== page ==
At this point, what did I like? Right? I liked friendships…I liked getting answers (even if the answers themselves sucked)…and…?? I think I’ll just end it there, since I’m not sure there’s really much more for me to mention, in regards to things I actually liked.

If I was going to rate the trilogy as a whole, I’d probably rate it a 3.5, because of my liking the first two well enough, but as a whole, I don’t really like it all that much, so on that note, not one I will be personally recommending.

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Review of ‘This Darkness Mine’ by Mindy McGinnis

This Darkness MineThis Darkness Mine by Mindy McGinnis

My rating: 4 of 5 stars

Summary provided by publisher:
Sasha Stone knows her place–first-chair clarinet, top of her class, and at the side of her oxford-wearing boyfriend. She’s worked her entire life to ensure that her path to Oberlin Conservatory as a star musician is perfectly paved.

But suddenly there’s a fork in the road, in the shape of Isaac Harver. Her body shifts toward him when he walks by, her skin misses his touch even though she’s never known it, and she relishes the smell of him–smoke, beer, and trouble–all the things she’s avoided to get where she is. Even worse, every time he’s near Sasha, her heart stops, literally. Why does he know her so well–too well–and she doesn’t know him at all?

Sasha discovers that her by-the-book life began by ending another’s: the twin sister she absorbed in the womb. But that doesn’t explain the gaps of missing time in her practice schedule or the memories she has of things she certainly never did with Isaac. As Sasha loses her much-cherished control, her life–and heart–become more entangled with Isaac. Armed with the knowledge that her heart might not be hers alone, Sasha must decide what she’s willing to do–and who she’s willing to hurt–to take it back.

Edgar Award–winning author Mindy McGinnis delivers a dark and gripping psychological thriller about a girl at war with herself, and what it really means to be good or bad.
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This is going to be hard to review! So many of the things I want to mention are spoilers, but because I’d decided a long time ago I wouldn’t post them, even if they are hidden, then I will have to review this book the best that I can without giving away anything crucial.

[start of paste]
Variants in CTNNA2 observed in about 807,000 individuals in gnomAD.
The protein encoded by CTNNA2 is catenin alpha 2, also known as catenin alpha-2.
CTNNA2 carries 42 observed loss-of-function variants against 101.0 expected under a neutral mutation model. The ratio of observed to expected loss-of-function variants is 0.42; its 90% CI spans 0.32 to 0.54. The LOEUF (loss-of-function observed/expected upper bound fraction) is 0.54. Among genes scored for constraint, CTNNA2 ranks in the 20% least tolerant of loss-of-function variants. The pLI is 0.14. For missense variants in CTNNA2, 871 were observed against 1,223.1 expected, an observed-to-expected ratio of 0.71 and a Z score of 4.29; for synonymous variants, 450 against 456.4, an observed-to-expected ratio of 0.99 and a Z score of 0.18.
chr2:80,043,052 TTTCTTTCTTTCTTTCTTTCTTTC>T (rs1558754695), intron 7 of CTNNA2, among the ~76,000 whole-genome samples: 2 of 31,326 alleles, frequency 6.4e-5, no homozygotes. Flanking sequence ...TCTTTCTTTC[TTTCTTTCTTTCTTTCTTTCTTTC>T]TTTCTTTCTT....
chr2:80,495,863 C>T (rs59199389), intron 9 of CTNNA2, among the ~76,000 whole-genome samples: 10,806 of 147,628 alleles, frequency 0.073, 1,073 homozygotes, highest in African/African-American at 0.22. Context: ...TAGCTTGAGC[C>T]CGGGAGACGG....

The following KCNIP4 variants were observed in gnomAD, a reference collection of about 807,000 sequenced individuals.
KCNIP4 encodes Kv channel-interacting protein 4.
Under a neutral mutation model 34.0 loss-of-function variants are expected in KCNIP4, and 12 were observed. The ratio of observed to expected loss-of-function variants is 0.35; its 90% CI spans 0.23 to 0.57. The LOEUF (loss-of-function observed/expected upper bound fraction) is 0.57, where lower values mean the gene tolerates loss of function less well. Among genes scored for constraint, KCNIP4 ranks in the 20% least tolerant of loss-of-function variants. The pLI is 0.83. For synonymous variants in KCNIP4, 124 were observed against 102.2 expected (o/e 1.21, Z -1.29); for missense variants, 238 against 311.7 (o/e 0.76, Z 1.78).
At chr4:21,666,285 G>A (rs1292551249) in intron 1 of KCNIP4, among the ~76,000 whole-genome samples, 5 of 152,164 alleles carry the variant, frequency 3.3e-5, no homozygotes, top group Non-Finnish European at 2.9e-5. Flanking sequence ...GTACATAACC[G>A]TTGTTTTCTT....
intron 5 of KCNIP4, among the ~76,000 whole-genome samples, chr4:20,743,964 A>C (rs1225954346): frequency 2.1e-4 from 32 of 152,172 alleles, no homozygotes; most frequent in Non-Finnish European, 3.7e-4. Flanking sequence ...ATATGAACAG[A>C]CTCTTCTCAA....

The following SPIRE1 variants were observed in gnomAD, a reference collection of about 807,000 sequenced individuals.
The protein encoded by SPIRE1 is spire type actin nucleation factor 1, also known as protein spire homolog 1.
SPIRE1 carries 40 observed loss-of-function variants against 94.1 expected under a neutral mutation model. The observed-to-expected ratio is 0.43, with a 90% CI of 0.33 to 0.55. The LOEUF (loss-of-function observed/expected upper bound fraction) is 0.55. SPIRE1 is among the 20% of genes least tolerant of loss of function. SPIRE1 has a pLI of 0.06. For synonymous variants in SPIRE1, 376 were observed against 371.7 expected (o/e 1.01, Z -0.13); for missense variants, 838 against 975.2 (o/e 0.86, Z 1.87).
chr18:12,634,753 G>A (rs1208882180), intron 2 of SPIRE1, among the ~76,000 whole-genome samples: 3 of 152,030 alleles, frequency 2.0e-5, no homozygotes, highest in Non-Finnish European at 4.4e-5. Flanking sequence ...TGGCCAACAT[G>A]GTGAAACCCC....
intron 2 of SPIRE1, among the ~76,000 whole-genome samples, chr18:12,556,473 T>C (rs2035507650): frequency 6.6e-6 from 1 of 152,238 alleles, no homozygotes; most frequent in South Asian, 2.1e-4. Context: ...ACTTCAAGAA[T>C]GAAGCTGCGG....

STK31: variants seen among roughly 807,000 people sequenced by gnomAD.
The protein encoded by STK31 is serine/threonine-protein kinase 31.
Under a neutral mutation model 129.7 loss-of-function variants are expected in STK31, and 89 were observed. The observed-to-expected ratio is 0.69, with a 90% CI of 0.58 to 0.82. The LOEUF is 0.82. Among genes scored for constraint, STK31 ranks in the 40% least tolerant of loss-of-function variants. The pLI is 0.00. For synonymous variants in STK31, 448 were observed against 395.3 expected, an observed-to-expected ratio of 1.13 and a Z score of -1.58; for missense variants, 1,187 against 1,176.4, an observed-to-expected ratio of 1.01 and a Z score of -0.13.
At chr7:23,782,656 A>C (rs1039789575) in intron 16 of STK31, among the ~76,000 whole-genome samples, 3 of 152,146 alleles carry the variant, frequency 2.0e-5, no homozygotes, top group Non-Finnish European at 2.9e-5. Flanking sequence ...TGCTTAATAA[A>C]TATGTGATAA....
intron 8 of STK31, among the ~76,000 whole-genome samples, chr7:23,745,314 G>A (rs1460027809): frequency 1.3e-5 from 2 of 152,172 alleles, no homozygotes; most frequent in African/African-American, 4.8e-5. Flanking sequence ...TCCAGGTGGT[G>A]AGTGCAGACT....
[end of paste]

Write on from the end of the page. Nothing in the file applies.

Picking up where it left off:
So, I will start off with our MC, Sasha Stone. As you’ve already learned, she is pretty much as perfect as one could get without getting Biblical, and initially, her “perfection” and “high standards” just come off as annoying. She’s such a snob, and she forces her ideology onto anyone who dares to speak to her. All in all, she sounds like a real winner when it comes to the MC lottery, am I right?? Well, she doesn’t become likable or anything close to that, no, it’s all in the fact that her character became more interesting to me. I still hated her guts, and would likely have pushed her into the path of a moose or bear if I needed a distraction to save my life (I live in Alaska, so, yes, this can be relevant), but I became more intrigued by this idea that she’s missing time, and happens to find out she’d absorbed her twin in the womb. Now, I hope you’ve Sherlocked your way into realizing that these various hints mean that because she’d absorbed her twin, she absorbed everything from her…including her personality. And if you hadn’t figured that out and think I’ve given away a spoiler, then I don’t think this book is for you…